As expected, Auburn quarterback Cameron Newton has declared for the 2011 NFL draft. The "will he stay or will he go" question never seemed to be a huge mystery. It would have been a huge upset had he chosen to stay in school based on his Heisman Trophy season and national title.
Several NFL personnel sources have told FOXSports.com that Newton is a sure-fire first-round pick, and that he definitely projects as a quarterback at the next level. But how high he’ll go off the board will be determined by how well he works out and interviews for teams over the coming weeks and months.
Certainly he will be this year’s Tim Tebow in regards to the hype and hysteria before April’s draft. Here’s a breakdown of what decisions and events await Newton in the pre-draft run-up:
DO NOT OPEN UNTIL: FEBRUARY
Because he’s just a college junior, front-office personnel and scouts from the NFL won’t get their first look at the strong-armed passer until late February’s NFL Combine in Indianapolis.
All of the other top senior quarterbacks will participate in the Senior Bowl or East-West Shrine Game later this month. Current NFL coaches run the Senior Bowl (this year’s group is made up of coaches from the Cincinnati Bengals and Buffalo Bills), so Newton won’t get that head-start opportunity which the top senior QBs such as Jake Locker and Andy Dalton will receive to get their feet wet in pro-style offenses. And the East-West game is generally run by ex-NFL head coaches, who are either retired or who have been out of the game for a bit.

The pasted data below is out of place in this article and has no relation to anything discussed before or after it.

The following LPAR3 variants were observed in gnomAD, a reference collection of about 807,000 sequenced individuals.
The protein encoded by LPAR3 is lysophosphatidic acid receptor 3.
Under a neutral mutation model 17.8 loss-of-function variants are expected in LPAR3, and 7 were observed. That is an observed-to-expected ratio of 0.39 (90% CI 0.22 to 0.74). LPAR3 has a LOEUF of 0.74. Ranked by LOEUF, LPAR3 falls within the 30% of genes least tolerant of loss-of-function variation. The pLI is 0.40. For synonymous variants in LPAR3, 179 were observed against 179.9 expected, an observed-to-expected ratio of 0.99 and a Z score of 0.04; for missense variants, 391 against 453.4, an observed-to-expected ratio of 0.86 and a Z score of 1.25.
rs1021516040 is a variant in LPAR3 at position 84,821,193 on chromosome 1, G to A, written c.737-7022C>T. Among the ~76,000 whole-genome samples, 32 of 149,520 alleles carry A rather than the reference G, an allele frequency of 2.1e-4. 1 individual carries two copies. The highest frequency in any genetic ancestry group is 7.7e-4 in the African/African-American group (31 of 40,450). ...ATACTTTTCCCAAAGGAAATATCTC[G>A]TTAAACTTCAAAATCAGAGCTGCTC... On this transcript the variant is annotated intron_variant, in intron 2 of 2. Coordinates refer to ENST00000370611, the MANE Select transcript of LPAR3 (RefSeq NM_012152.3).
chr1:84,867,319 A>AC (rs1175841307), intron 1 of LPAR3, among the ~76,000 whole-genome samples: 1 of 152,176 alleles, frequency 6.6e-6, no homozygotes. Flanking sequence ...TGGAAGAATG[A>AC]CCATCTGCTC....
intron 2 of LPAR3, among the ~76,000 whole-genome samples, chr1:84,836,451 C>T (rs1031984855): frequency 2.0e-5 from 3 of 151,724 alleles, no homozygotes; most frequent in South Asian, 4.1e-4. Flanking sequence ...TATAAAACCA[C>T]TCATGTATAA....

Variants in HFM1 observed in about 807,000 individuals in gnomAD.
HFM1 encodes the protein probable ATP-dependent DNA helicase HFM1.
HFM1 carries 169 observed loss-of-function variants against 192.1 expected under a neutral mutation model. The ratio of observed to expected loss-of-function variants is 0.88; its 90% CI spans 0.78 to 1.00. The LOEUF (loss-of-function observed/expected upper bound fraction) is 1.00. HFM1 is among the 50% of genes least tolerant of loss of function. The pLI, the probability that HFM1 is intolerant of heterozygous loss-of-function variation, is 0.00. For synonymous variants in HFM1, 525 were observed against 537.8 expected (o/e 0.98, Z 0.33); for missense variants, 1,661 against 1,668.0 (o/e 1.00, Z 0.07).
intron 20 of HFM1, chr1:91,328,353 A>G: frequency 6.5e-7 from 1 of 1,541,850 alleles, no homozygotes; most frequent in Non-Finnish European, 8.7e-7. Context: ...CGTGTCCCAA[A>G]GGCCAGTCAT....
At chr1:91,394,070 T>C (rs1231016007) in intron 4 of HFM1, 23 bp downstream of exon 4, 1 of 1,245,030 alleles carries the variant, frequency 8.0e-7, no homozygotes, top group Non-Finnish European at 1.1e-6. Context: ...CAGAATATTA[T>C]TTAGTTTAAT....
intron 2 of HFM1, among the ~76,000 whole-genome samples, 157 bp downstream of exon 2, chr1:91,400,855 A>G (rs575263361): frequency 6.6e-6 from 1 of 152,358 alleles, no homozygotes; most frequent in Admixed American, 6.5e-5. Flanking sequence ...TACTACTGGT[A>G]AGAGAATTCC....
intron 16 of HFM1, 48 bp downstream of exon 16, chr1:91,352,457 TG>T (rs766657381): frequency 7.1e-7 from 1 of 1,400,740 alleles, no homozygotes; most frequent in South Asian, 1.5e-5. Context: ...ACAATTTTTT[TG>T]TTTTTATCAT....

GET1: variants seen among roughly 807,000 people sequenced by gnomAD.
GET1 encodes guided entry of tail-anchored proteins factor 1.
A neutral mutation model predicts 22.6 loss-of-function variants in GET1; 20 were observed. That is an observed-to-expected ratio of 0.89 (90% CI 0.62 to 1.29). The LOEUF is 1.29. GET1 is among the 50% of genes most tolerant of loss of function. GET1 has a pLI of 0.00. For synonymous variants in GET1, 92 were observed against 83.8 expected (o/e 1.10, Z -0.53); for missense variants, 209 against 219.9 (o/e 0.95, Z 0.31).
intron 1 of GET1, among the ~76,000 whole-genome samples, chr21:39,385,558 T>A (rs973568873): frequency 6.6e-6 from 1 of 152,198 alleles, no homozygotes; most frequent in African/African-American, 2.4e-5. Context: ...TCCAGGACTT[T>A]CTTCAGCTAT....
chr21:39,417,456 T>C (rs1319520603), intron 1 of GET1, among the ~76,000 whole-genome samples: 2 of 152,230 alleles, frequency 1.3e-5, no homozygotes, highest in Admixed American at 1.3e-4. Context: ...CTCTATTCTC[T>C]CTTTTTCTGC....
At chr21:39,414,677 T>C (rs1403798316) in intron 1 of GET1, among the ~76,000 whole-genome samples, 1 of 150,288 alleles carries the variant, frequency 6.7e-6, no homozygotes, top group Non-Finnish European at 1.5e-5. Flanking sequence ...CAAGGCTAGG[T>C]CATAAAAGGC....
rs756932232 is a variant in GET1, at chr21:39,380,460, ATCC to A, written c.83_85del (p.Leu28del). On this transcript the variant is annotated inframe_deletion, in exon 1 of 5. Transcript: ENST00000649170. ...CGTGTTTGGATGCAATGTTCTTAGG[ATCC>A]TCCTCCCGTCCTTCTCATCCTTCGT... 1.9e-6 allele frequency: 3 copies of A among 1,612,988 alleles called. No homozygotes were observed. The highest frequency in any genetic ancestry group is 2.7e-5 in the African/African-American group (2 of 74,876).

THE COMBINE: POKING AND PRODDING
Teams who are interested in Newton — and there are a lot of teams looking for a franchise quarterback in this year’s draft — will get a chance to talk to him during their allotted 15 minutes of face-to-face interview time during the Combine. Each team gets the chance to interview up to 60 players.
Newton’s eventual agent will not be with him during that time. You can be sure teams who talk to him will want to know whether he’s the next JaMarcus Russell, Ryan Leaf or instead the next Josh Freeman. They will test his character, football intelligence and love for the game.
The interviews have become especially important for QB prospects. The one thing personnel sources said about talking to Russell before the 2007 NFL draft was that he didn’t have the passion to learn and excel, instead relying solely on his outstanding arm strength. Russell’s notorious flameout with the Oakland Raiders — despite his mega-million-dollar rookie contract — has given teams even more reason to pause before selecting a passer high in the first round.
TO WORK OUT OR NOT — THAT IS THE QUESTION
Newton’s agent will have to help him make the decision whether or not to work out for interested teams. Back in 2008, former Boston College QB Matt Ryan was criticized for not throwing during the Combine. But Ryan worked out at his Pro Day, giving personnel evaluators a chance to see his throwing mechanics and arm strength up close.